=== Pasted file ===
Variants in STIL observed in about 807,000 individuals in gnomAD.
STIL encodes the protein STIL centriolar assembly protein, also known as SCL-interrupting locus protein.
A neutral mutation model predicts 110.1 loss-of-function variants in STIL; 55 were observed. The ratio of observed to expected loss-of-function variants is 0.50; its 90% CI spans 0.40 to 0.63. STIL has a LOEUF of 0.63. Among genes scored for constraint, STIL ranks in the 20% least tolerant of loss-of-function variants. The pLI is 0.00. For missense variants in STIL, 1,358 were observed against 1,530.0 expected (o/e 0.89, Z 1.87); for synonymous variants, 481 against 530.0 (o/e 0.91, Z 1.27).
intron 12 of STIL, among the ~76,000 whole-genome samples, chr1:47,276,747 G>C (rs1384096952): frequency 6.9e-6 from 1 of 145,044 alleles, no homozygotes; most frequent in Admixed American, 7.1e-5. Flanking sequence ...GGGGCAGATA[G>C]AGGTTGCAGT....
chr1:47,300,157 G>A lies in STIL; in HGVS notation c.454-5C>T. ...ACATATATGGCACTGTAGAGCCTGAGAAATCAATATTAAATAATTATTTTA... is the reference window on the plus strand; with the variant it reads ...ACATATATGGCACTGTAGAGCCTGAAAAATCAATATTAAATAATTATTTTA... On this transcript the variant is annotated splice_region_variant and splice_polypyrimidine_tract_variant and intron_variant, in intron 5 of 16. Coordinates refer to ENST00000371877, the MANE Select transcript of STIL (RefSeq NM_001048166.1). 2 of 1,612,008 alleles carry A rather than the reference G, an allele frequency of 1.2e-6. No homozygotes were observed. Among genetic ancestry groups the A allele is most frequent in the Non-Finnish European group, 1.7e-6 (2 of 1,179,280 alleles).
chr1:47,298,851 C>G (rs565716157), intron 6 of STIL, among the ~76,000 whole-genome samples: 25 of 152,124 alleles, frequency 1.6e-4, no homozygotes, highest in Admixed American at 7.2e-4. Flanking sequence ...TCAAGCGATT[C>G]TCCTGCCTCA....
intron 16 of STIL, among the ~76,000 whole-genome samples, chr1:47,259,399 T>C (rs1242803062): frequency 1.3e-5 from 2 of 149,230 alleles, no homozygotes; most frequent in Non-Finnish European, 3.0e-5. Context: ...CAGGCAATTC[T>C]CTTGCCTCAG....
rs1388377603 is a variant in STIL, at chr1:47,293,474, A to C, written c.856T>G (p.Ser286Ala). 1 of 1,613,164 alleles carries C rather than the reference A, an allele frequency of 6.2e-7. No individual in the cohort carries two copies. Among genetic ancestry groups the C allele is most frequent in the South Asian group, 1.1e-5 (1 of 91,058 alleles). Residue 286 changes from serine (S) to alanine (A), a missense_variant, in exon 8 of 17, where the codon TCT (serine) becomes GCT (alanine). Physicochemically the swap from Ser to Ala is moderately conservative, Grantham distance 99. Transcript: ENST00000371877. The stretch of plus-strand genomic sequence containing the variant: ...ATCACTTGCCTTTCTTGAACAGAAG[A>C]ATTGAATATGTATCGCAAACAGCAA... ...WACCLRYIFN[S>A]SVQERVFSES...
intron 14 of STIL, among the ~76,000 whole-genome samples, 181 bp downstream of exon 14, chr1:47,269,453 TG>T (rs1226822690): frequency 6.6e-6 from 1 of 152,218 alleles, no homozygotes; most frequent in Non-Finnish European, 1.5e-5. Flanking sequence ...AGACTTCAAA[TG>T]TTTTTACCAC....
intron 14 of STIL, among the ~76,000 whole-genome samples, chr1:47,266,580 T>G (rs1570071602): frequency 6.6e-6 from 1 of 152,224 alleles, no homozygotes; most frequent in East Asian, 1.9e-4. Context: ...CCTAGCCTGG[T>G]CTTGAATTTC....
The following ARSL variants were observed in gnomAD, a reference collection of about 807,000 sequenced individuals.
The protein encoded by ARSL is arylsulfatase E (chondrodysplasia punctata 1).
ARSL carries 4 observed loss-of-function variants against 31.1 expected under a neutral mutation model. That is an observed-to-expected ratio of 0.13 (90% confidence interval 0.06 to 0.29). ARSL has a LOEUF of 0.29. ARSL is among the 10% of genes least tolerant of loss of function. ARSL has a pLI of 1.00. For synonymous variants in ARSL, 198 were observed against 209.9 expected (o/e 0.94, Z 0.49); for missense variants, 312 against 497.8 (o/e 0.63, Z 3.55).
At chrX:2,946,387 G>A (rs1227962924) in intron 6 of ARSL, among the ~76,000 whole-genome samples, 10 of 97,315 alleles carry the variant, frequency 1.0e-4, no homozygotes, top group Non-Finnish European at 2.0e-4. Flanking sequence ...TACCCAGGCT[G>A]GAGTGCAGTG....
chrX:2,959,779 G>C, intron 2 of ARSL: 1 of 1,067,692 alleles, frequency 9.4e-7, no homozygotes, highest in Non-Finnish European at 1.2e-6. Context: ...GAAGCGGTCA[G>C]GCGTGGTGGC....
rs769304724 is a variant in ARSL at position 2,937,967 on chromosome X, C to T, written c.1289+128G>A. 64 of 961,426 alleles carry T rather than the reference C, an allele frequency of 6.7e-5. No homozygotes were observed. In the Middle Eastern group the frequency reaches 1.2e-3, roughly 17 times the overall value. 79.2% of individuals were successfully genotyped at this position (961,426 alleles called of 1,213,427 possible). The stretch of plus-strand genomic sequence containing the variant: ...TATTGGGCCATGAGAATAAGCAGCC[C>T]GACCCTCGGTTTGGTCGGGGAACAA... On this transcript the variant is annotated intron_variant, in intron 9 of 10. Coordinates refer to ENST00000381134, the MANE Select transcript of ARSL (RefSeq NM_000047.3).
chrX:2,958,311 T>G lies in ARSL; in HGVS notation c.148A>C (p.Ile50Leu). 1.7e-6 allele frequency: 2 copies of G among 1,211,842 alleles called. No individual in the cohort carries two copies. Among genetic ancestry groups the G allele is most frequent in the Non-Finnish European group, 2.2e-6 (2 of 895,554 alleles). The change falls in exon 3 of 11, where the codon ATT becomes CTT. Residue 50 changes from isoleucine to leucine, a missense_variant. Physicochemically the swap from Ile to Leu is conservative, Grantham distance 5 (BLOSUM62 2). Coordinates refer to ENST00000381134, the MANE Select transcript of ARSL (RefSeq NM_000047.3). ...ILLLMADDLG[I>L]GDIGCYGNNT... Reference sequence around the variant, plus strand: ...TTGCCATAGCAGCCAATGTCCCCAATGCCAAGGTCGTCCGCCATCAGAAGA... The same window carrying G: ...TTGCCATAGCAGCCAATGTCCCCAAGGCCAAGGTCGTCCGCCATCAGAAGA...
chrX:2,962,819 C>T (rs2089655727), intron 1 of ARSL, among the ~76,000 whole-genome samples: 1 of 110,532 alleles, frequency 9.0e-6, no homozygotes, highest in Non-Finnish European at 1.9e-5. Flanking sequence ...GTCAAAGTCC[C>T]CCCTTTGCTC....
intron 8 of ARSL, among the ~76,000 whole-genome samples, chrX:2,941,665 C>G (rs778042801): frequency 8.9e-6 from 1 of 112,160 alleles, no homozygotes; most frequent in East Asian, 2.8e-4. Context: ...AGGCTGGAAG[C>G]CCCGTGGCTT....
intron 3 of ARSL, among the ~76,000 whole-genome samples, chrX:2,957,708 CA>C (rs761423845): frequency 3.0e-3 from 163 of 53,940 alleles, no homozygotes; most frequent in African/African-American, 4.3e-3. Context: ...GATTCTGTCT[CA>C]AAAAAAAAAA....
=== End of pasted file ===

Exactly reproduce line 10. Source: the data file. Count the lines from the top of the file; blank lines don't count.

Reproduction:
intron 14 of STIL, among the ~76,000 whole-genome samples, chr1:47,266,580 T>G (rs1570071602): frequency 6.6e-6 from 1 of 152,224 alleles, no homozygotes; most frequent in East Asian, 1.9e-4. Context: ...CCTAGCCTGG[T>G]CTTGAATTTC....